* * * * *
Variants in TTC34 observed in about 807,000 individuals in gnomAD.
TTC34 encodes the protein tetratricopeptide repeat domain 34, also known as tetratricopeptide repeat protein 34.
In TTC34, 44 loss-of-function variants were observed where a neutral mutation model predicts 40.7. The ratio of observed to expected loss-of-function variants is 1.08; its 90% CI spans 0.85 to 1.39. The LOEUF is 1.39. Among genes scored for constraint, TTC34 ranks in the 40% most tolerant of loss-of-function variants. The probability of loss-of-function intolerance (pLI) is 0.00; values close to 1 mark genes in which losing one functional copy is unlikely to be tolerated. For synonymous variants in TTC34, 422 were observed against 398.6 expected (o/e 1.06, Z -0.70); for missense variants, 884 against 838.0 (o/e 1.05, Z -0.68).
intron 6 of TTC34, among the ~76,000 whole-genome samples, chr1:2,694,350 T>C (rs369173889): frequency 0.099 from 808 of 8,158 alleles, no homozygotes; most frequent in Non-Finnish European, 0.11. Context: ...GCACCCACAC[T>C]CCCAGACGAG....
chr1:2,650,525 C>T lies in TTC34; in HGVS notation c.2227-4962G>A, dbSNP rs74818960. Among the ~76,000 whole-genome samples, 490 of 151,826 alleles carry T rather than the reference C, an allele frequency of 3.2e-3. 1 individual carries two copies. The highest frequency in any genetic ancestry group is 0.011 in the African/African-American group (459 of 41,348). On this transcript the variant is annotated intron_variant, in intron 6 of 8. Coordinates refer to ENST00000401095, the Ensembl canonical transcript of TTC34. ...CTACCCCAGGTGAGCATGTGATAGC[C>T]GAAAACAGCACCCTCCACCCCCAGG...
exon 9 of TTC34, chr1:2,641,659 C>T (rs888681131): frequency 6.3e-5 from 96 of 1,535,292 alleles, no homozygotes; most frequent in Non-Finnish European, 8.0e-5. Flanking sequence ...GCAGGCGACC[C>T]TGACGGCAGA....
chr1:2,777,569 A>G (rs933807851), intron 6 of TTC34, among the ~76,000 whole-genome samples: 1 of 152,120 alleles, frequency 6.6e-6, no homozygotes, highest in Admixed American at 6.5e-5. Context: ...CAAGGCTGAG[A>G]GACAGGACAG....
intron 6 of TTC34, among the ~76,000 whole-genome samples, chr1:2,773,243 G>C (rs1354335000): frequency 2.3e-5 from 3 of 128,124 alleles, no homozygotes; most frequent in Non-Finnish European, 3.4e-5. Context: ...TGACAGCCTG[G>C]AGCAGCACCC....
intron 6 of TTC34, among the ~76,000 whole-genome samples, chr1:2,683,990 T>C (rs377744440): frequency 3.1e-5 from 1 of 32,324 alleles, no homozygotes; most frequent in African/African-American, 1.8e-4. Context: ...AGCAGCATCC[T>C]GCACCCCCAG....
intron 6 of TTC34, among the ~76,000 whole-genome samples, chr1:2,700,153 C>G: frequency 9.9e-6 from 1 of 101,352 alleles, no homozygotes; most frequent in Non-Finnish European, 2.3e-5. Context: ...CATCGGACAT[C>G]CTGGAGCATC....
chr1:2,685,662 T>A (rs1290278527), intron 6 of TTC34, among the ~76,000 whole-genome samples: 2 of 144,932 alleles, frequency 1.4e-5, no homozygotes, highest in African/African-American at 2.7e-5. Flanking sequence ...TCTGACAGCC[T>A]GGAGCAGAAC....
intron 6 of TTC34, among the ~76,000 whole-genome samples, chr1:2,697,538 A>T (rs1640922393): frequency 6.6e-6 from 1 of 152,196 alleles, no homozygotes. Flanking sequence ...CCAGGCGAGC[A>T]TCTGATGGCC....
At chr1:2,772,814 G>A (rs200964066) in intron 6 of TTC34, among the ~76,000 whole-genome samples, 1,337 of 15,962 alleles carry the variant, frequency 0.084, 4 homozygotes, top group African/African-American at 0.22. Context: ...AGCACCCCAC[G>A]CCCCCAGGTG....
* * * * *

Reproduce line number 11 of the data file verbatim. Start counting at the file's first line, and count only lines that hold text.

chr1:2,685,662 T>A (rs1290278527), intron 6 of TTC34, among the ~76,000 whole-genome samples: 2 of 144,932 alleles, frequency 1.4e-5, no homozygotes, highest in African/African-American at 2.7e-5. Flanking sequence ...TCTGACAGCC[T>A]GGAGCAGAAC....